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Research project: Implementation, impact and costs of policies for safe staffing in acute trusts - Dormant

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Having enough staff, with the right skills, is essential for patient safety. Research demonstrates a link between the number of registered nurses on duty and the risk of a patient dying whilst in hospital. An inquiry (led by Sir Robert Francis) highlighted that many decisions about nurse staffing in hospitals had been made without using evidence. Changing nurse staffing without considering the effect on patient care had led to poor care and higher than expected death rates at The Mid-Staffordshire NHS Trust. He recommended that research evidence was used to ensure hospitals are staffed safely. NICE (The National Institute for Health and Care Excellence) were asked to develop guidelines for different nursing areas, starting with acute hospital wards. They also endorsed a tool to help hospitals plan nurse staffing: the Safer Nursing Care Tool (SNCT). This study aims to identify the costs and consequences of implementing safe staffing policies in NHS acute hospitals in England. It will also look at the factors that have made a difference to how the policies have been implemented: what has worked well for whom, and in which situations. We will focus on two safe staffing policies that came out of the government response to the Francis Inquiry: Guidance launched by the National Quality Board (NQB) and Chief Nursing Officer in November 2013, which set out ten expectations of NHS Trusts in relation to staffing. National Institute for Health and Care Excellence (NICE) guidance on safe staffing for nursing in adult inpatient wards in acute hospitals, published in June 2014, and accompanied by endorsement of the Safer Nursing Care Tool (SNCT).  

The NHS needs to know how safe staffing policies have been implemented, how this varies across the country and what has been the costs and effects of implementation. Understanding what worked where and for who, can help inform future guidance provided to the NHS.

Research demonstrates a link between nurse staffing levels and higher rates of hospital related death. The Francis Inquiry highlighted the lack of evidence-based decisions on nurse staffing as a factor contributing to poor care and higher death rates at Mid-Staffordshire. Francis recommended that evidence on nurse staffing be used to develop guidance on nurse staffing levels. The CNO and NQB set out ten expectations that Trusts should meet to ensure adequate staffing. NICE were asked to develop guidelines, starting with acute hospital wards. They endorsed the Safer Nursing Care Tool as a method to help Trusts plan nurses staffing. However, we know little about the effectiveness or cost-effectiveness of approaches to plan, review and monitor staffing.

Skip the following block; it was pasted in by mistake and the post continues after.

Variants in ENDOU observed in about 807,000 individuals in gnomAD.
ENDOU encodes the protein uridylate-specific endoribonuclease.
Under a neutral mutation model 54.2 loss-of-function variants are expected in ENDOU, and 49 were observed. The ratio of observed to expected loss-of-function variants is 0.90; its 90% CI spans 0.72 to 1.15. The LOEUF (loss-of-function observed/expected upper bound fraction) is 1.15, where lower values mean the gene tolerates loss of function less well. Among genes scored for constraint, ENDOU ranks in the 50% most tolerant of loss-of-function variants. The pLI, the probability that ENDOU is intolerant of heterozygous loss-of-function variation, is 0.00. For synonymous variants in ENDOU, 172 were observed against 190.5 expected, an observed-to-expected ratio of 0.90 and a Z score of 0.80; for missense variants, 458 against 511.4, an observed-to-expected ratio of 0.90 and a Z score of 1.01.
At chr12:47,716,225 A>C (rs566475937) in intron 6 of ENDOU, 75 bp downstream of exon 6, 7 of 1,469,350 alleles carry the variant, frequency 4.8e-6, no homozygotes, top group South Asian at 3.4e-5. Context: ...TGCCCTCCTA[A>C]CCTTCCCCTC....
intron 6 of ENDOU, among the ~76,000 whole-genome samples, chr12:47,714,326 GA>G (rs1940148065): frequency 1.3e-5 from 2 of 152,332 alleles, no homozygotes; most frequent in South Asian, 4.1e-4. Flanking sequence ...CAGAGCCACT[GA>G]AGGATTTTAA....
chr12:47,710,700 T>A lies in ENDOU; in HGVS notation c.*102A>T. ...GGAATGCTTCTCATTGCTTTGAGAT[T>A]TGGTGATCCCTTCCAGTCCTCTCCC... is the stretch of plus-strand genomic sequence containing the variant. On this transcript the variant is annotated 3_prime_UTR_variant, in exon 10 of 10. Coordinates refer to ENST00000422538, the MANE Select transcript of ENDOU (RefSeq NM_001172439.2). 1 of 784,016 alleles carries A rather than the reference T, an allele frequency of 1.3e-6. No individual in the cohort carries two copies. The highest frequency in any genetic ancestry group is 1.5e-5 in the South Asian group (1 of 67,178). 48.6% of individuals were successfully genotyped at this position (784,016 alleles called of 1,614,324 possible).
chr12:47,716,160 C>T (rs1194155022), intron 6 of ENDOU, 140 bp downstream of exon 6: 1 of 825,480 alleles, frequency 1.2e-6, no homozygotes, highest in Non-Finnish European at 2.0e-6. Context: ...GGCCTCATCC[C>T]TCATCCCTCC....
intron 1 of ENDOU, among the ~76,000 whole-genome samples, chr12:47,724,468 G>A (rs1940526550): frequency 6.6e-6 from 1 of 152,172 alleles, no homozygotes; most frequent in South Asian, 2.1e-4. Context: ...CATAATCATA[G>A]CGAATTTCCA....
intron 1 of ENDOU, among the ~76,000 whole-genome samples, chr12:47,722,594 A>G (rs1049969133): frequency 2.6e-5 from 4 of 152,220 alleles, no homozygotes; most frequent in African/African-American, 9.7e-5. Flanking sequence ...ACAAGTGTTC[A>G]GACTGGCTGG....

This study will use a mixed methods approach to identify the costs and consequences of implementing safe staffing policies in acute hospitals following the Francis Inquiry and to describe factors that have influenced implementation.

The approach is made up of the following elements:

  1. National survey of 155 acute Trusts using online / paper administration to understand how trusts have responded to safe staffing initiatives, including uptake and implementation of the SNCT.
  2. Analysis of national secondary datasets to explore changes in staffing over time within acute trusts and to identify shifts between acute trusts and other sectors.
  3. Case studies involving 
  • in-depth qualitative study of implementation using a realistic evaluation
  • quantitative and economic assessment of impact in 4 acute trusts.

The qualitative case studies, based on interviews with key informants and documentary analysis will: investigate the context of the organisational response to safe staffing policies in four NHS organisations; identify and track safe staffing policy implementation mechanisms and processes; determine what has shaped how safe staffing policy has been implemented and identify both the intended and unintended consequences of safe staffing policy implementation.

We will develop a comprehensive description of the resource implications for each of the four Trusts in planning and providing safe nursing care. We will identify financial costs to the organisation in terms of the costs for additional staff requirement (as identified by the staffing tool), costs of administration and costs of technical support for implementation of the staff planning process. We will collate data drawn from the SNCT itself, e-rostering, and HR workforce data in addition to key informant interviews, to examine the associated costs and consequences of changes made.

In the current financial context, using resources wisely to minimise the risks of hospital care and maximise the benefits to patients is essential; understanding the costs and consequences of implementing safe staffing policy is key to this.

Project Team

University of Southampton team

Jane Ball

Dr Jeremy Jones

Prof Peter Griffiths

Jane Lawless

Hannah Barker

Bangor University team

Prof Chris Burton

Prof Jo Rycroft-Malone

Project Funder

Department of Health’s Policy Research Programme

Associated research themes

Nurse staffing, Workforce, Policy, Francis Inquiry, Patient safety

Related research groups

Health Work and Systems

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